On this day in history, February 13, 1818, General George Rogers Clark dies. Clark was called the "Conqueror of the Old Northwest," for his military exploits. Clark made his first surveying trip into Kentucky in 1772, when settlers were pouring into the region. Lord Dunmore's War soon broke out with the Indians and Clark became a captain in the war, which ended with the Indians agreeing to recognize the Ohio River as their southern boundary.
Just as the American Revolution broke out, Kentuckians were involved in a disagreement with Richard Henderson of North Carolina, who planned to start a new colony in the area known as Transylvania. Many of the settlers were not in agreement with Henderson's plans so they elected Clark to go to Virginia to persuade Governor Patrick Henry to partition Kentucky. Henry agreed to this and created Kentucky County, Virginia, making the 24 year old Clark a major of the Kentucky County militia.
As the Revolution progressed, some of the Indians who had lost their territory in Kentucky allied with England. British Governor Henry Hamilton in Detroit began sponsoring Indian raids south of the Ohio. Clark secured Henry's support for capturing the British outposts that were supporting the raids and in 1778, he and 175 men marched north of the Ohio and took several British posts and Indian villages, including Vincennes, within a matter of days. Hamilton personally led a march that retook Vincennes shortly after.
In February, 1779, Clark made an epic winter trek through the wilderness to recapture Vincennes, which he did. Hamilton was captured, Clark was viewed as a hero throughout the colonies and the Indians feared even the mention of Clark's name. Virginia claimed the territory and called it Illinois County. Clark was promoted to Brigadier General by new Virginia Governor Thomas Jefferson and would go on to plan several attacks on Detroit, which never came to pass. He then led an expedition into Ohio against several Indian towns that proved to be the last expedition of the American Revolution.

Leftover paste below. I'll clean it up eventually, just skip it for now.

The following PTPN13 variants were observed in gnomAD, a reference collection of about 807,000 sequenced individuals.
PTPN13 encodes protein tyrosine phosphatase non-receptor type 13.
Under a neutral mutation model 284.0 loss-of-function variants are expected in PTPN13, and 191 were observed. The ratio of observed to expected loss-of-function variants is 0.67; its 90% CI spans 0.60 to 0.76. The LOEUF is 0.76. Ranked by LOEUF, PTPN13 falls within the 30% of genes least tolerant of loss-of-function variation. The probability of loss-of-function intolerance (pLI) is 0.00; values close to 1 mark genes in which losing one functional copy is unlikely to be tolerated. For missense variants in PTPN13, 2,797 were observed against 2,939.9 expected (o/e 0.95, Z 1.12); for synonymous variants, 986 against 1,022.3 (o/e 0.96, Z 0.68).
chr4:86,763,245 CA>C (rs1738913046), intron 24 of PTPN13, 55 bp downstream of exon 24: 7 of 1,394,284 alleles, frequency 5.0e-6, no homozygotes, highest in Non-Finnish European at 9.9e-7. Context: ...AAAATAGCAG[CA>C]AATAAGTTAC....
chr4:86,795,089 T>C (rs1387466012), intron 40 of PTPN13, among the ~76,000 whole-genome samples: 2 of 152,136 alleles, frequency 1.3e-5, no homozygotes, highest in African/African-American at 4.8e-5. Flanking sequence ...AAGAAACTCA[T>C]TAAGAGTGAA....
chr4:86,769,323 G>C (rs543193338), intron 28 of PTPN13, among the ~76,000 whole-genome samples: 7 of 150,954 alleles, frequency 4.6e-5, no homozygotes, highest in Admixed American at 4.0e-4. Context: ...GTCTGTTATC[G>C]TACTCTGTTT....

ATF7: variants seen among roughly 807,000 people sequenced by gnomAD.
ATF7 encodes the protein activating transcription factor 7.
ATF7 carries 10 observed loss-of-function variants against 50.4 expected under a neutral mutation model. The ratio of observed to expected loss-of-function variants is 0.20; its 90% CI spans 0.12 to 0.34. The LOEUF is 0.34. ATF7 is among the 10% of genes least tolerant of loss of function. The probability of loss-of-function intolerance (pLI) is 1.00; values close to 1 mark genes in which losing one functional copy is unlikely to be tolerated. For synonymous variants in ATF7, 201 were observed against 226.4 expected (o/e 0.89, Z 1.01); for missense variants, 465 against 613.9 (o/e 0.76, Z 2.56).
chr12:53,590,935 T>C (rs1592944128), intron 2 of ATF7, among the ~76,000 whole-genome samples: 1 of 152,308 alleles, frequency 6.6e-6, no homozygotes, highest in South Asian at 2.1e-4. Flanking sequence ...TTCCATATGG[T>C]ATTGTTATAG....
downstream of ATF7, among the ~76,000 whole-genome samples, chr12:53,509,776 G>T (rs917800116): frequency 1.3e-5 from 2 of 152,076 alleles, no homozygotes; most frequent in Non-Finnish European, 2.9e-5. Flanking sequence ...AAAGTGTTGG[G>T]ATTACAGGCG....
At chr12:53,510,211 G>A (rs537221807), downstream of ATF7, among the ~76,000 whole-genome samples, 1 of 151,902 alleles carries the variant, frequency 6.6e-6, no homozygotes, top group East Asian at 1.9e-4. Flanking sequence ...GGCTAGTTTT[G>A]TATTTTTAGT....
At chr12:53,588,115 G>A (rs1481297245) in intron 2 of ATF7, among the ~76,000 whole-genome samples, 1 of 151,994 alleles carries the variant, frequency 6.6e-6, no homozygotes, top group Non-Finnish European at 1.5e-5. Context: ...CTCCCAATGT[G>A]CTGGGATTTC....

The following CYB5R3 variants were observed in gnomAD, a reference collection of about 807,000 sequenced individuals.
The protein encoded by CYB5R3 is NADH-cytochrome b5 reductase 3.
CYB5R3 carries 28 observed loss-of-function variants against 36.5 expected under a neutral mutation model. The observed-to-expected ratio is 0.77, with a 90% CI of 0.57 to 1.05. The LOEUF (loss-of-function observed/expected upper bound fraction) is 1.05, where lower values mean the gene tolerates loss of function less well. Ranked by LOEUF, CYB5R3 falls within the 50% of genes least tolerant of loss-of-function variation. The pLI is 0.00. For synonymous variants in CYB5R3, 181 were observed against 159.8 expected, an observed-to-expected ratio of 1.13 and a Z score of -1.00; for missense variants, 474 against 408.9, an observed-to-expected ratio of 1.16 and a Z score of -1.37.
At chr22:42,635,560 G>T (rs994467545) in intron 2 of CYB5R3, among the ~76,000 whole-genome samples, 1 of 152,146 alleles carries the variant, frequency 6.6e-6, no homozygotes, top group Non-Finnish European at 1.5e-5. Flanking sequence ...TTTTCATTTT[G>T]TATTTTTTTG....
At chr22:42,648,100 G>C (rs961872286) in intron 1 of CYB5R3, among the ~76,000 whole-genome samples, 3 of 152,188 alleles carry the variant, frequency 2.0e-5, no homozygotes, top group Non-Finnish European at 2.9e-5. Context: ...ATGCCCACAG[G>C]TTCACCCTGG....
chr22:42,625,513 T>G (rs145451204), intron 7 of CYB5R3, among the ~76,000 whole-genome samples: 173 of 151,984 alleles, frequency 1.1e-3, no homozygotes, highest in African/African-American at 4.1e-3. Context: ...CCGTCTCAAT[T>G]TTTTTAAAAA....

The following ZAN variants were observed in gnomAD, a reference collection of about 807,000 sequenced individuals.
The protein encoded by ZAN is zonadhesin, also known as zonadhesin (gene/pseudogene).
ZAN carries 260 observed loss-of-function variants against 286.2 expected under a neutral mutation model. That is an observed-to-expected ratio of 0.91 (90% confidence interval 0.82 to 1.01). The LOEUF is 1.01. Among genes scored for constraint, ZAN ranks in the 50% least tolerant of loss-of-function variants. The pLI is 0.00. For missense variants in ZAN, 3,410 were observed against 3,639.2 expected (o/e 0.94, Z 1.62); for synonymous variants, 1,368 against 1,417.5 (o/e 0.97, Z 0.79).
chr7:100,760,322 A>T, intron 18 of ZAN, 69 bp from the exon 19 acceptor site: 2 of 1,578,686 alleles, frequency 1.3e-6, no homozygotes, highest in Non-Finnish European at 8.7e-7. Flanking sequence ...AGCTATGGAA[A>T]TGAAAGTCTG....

After the war, Clark led one of the first expeditions of the Northwest Indian War in 1785, but it failed due to a mutiny. Clark was accused of being drunk on the job and was forced to resign. He would never serve in the military again. He spent most of his remaining years in Louisville, Kentucky, which he founded, and Clarksville, Indiana, which was named after him, serving as an advisor to governors and city councils and acting as a negotiator with Indians.
Clark fell into deep debt and, in 1793, to remedy his financial woes, made a deal with French Ambassador Edmond-Charles Genet to raise an army to drive Spain out of the Mississippi River valley. President George Washington put a stop to this, however, by issuing a warrant for Clark's arrest. Kentucky Governor Isaac Shelby refused to arrest Clark, but Genet was recalled to France and the plan dissolved.
Clark lived his last years with his brother-in-law near Louisville after a severe accident caused a leg amputation. He died February 13, 1818. Virginia did finally vote to reimburse some of his war expenses to his estate, but not until several years after his death.
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